Senator Sayers - Is not that wrong?

Senator GARDINER - I would be the last person to take the opportunity of voting from any one; but we cannot ignore the unfair use which was made of the postal voting system by the Opposition.

Senator Millen - Why do you not prove that ?

Senator GARDINER - Nothing can prove that to the satisfaction of the honorable senator. If he is not already aware of the fact, the public are. I could cite the case of a canvasser who took a form to a patient in a hospital, and when the Litter expressed an intention to vote for the Labour candidate the paper was taken away.

Senator Millen - Why did not the honorable senator proceed if he knew all about the case ? It is easy to make statements, but difficult to prove them.

Senator GARDINER - These facts are well known from one end of Australia to the other.

Senator Millen - First of all, are they facts ?

Senator GARDINER - While the honorable senator is in this frame of mind, nothing will be accepted by him as a fact except that which he states himself.

Senator Millen - I want reasonable proof.

Senator GARDINER - Exactly. I have quite sufficient proof that a wrong use has been made of postal voting, and regretfully I am driven to the fact that we must do away with the system, because it is clearly a weapon in the hands of unscrupulous persons. The difficulty which confronts those who wish to make an honest use of the system is so great that it is not worth while to retain it. It should be remembered that, although postal voting is being abolished, it is to be replaced by something better.

Senator Sayers - By something worse.

Senator GARDINER - I venture to say that, if in the past 29,000 persons have been able to record their votes by post who otherwise would have been debarred from voting under the new system, which entitles a person to vote at any polling booth in the Commonwealth, twice, if not four times, as many persons will, under this new system, have an opportunity to record their votes.

Senator Sayers - It will open the door to great corruption.

Senator GARDINER - The ease with which honorable senators speak of the roads to corruption convinces me that they know the tracks very well. We are told of certain convictions in New South Wales when, as a fact, the cases were most trivial ; so trivial, indeed, that the AttorneyGeneral rescinded the fine, or failed to collect it, or refused to proceed. Yet these are called cases of corruption. The new system of witnessing signatures was introduced in New South Wales-

Senator Millen - The cases I referred to occurred under the old Act; and one of the first things which Mr. Holman did when he came into office was to deal with them.

Senator GARDINER - I think that since 1891the Electoral Act of New South Wales has been altered at least five times.

Senator Millen - There has been no alteration which justified a man putting his name down as a witness to a signature which was never made before him.

Senator GARDINER - The Act has been altered at least five times during the last twenty years.

Senator Millen - There has been no alteration on that point.

Senator GARDINER - What proof did the honorable senator bring forward in support of his accusation? The case of forgery was a case where a wife signed her husband's name; while the other two cases were disallowed by the Returning Officer.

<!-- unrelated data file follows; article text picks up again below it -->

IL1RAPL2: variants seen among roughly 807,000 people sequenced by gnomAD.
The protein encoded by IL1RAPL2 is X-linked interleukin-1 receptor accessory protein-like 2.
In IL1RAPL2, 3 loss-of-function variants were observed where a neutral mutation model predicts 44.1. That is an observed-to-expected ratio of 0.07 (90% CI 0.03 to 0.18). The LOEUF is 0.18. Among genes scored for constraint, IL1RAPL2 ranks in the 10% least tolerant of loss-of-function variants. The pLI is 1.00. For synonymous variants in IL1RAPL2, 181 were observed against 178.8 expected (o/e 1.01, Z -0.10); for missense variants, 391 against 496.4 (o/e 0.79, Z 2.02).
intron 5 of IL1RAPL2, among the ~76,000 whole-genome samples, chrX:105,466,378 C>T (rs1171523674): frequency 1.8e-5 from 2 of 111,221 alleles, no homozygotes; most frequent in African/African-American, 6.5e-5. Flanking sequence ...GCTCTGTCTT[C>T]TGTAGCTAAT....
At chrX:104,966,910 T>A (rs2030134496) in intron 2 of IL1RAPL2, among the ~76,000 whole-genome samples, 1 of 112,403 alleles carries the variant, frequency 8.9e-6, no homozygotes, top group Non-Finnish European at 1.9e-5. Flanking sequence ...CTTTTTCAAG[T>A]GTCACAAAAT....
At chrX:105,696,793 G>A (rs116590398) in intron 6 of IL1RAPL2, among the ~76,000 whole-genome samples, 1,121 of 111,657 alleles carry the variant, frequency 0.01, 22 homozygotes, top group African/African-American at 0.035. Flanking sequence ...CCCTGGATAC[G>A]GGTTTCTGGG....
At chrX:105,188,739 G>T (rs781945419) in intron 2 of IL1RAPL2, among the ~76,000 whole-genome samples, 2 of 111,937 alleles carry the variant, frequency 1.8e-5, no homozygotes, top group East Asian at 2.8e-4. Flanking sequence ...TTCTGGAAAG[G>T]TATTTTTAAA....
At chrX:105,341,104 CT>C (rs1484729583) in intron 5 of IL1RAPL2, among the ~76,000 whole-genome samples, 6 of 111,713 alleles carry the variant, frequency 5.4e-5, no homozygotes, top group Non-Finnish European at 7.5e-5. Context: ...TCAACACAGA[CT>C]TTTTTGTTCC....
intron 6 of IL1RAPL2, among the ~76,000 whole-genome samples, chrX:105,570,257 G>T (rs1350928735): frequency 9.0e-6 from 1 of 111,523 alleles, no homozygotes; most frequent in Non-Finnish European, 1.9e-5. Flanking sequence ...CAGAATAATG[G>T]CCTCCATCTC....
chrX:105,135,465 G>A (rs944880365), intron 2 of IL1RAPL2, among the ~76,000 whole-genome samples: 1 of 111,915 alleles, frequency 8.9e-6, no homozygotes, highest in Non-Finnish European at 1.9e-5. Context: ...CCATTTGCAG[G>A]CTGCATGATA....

Senator Millen - Is that how you dispose of the twenty-seven cases?

Senator GARDINER - These are the most serious cases. Then there is the statement that names were signed to blank papers. What led up to this system of getting persons on the roll? It was the difficulties which the Government placed in the way of bond fide persons desiring to get enrolled. There is always some one on the look-out to drive a coach and four through an Act of Parliament. We shall do a great deal more for the community if we recognise the fact that elections have been carried on with a surprising degree of honesty, especially when we remember, not only the facilities, but the inducements, which have been offered for corruption.

Senator Sayers - In this Bill you are giving more inducements.

Senator GARDINER - I have given one or two instances of the unfair use which has been made of postal voting.

Senator Sayers - And you open the door still wider.

Senator GARDINER - I say that when the Labour party are unable to .hold the predominant position by an honest vote of the persons entitled to vote they will not desire to retain that position any longer.

Senator Millen - No, they will stuff the roll.

Senator GARDINER - The least thing which the honorable senator can do is to bring forward one case in support of his statement.

Senator Millen - I have given it to you.

Senator Vardon - Twenty-seven cases have been mentioned.

Senator GARDINER - In the case of almost every Bill with which we are asked to deal unfair motives are imputed to the governing party. If ever there was a party which won its present position by the straightforward, honest votes of unpurchaseable electors it is the Labour party. I would not have risen to speak but for the unfair statements of the Leader of the Opposition, unfair when he knows that this Bill will enable a person to vote at any polling booth in the Commonwealth.